Ok forgot that little detail on the 249/240 I will go smoke myself now
Link Posted: 2/2/2006 9:31:33 AM EDT

Originally Posted By 1911ar-15:
From what I have read, it's fairly hard to achieve cook-off with a semiauto. You need a full auto for that.

And you couldn't possibly get a cook-off with a M249 or M240, as those are open bolt...



Man I love this site. I learn something new everyday. I did not realize the M249 and M240 were open bolt MGs. Does the now-retired M60 fire from an open bolt?

Sorry for the hijack!
Link Posted: 2/2/2006 9:47:13 AM EDT
Theoretically, the chamber would have to melt your finger to the touch to be able to cook off a round.
I mean it would have to be insane hot, because if you look at any ammunition technical data, they usually state that direct heat in the amount of 1100 degrees or something is needed to cause the powder to ignite and start burning.

So, if we want to be fully accurate here we need to first get the specs on XM193 and direct heat, or M855, etc.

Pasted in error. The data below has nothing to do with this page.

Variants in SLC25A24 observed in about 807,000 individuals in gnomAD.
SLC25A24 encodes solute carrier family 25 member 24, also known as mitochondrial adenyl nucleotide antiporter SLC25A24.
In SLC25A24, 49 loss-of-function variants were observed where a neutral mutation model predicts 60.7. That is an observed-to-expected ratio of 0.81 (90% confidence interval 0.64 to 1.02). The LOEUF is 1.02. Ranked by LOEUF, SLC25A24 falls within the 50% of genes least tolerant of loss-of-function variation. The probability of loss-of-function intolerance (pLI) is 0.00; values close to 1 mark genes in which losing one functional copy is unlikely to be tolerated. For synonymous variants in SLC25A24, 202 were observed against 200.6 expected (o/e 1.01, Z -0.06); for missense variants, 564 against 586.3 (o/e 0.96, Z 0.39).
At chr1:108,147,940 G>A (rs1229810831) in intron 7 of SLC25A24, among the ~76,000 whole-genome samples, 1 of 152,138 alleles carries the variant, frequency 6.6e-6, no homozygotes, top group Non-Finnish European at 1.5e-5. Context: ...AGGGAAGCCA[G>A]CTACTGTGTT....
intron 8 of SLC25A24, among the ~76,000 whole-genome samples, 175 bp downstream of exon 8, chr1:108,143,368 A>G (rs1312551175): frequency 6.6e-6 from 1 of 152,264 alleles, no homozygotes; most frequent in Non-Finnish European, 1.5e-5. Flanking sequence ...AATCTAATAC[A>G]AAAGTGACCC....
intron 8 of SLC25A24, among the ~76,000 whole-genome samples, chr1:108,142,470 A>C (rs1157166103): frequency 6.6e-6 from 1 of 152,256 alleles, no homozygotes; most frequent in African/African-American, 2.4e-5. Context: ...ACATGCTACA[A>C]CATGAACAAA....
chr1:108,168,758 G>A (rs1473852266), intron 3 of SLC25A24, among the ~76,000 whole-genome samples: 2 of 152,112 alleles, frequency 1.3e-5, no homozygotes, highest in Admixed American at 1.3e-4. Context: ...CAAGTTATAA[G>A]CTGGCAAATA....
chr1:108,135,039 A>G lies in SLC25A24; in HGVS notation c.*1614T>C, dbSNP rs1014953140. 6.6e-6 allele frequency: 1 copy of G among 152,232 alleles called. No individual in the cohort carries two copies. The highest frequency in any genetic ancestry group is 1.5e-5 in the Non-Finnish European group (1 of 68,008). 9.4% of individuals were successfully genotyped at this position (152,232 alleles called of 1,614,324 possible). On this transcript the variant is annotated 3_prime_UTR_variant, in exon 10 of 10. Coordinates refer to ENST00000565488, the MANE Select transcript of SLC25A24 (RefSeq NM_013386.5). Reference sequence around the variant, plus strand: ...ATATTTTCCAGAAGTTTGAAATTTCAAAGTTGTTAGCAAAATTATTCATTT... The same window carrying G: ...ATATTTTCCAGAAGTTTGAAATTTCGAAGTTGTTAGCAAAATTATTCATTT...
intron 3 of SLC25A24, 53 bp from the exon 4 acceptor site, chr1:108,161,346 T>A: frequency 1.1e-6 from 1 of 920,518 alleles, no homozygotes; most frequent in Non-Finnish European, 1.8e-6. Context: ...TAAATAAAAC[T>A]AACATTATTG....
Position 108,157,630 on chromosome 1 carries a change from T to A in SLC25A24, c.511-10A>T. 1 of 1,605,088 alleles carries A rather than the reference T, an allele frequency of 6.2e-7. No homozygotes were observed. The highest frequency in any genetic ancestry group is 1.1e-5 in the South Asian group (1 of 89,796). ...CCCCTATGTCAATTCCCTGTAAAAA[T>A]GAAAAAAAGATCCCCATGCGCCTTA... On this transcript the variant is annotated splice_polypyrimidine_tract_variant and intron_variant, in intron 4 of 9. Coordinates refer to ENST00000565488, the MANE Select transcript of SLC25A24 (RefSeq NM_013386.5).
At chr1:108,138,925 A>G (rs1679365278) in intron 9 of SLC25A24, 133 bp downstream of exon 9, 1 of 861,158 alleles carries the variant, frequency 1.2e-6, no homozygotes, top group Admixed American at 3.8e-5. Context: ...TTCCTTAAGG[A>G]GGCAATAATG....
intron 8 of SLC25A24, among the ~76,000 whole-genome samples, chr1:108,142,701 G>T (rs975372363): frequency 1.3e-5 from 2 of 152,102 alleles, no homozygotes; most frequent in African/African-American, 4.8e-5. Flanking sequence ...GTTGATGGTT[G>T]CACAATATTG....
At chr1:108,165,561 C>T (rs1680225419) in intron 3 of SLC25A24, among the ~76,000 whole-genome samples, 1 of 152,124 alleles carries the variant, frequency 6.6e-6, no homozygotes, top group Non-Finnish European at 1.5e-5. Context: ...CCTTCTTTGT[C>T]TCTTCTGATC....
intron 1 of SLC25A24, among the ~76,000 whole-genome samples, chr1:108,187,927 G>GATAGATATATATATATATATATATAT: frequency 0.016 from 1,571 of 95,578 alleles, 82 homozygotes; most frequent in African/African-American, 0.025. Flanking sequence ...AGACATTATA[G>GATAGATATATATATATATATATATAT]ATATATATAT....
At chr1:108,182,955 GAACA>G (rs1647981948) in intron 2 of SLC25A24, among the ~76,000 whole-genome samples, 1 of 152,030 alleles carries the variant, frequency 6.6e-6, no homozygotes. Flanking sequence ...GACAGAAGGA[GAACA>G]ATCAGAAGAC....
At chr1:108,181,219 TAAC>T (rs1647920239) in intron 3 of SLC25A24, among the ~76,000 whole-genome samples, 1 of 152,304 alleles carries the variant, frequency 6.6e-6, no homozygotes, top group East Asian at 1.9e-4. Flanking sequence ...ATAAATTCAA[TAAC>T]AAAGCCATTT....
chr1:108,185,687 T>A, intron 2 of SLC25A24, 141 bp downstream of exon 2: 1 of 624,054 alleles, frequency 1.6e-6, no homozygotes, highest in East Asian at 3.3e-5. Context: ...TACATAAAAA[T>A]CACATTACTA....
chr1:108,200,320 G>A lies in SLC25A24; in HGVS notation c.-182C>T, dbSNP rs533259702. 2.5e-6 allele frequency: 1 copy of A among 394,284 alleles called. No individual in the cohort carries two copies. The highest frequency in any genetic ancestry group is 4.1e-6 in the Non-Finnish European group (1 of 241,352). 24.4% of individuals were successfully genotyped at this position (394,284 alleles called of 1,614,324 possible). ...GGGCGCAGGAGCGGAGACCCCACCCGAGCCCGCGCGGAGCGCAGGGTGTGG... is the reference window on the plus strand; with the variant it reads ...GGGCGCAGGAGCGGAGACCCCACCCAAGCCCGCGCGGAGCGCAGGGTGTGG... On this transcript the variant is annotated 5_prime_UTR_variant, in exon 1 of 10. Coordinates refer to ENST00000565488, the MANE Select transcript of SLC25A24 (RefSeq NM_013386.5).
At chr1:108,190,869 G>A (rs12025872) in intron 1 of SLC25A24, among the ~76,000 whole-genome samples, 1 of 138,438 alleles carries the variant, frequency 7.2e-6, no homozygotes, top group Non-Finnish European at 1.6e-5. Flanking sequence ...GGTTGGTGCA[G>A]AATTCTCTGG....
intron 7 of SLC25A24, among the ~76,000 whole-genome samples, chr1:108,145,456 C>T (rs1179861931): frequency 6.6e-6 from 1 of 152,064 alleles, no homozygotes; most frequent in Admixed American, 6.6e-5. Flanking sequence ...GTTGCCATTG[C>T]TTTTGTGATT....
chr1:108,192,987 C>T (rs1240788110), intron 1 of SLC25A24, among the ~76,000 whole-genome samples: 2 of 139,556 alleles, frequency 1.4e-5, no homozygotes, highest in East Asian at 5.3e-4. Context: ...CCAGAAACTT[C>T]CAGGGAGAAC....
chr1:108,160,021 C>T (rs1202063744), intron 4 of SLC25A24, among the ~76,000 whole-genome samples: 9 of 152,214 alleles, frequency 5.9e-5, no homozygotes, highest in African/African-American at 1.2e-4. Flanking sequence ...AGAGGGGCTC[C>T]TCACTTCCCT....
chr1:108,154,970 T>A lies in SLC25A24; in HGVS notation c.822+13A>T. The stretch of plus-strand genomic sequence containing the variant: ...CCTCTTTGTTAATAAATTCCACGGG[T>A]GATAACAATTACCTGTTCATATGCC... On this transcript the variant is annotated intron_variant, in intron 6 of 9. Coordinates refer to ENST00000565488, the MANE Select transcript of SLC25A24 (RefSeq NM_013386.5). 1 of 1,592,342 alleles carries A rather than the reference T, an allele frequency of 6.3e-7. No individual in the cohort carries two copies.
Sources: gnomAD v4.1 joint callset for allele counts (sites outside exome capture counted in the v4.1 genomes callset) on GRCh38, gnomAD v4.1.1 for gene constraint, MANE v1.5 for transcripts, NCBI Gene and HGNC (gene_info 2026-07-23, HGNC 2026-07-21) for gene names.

- rem

Link Posted: 2/2/2006 9:49:25 AM EDT
the ammo we use is green tip

remember in the summer it can get to 120 plus here also
Link Posted: 2/2/2006 9:51:48 AM EDT
I have some extremely experienced associates who dislike M4 handguards because they doin't allow heat out. Rails are much more conducive to cooling.
Link Posted: 2/2/2006 10:01:08 AM EDT

Originally Posted By ASU1911:
I have some extremely experienced associates who dislike M4 handguards because they doin't allow heat out. Rails are much more conducive to cooling.



I wonder how effective the full wood furniture on my mauser is at dissipating heat then...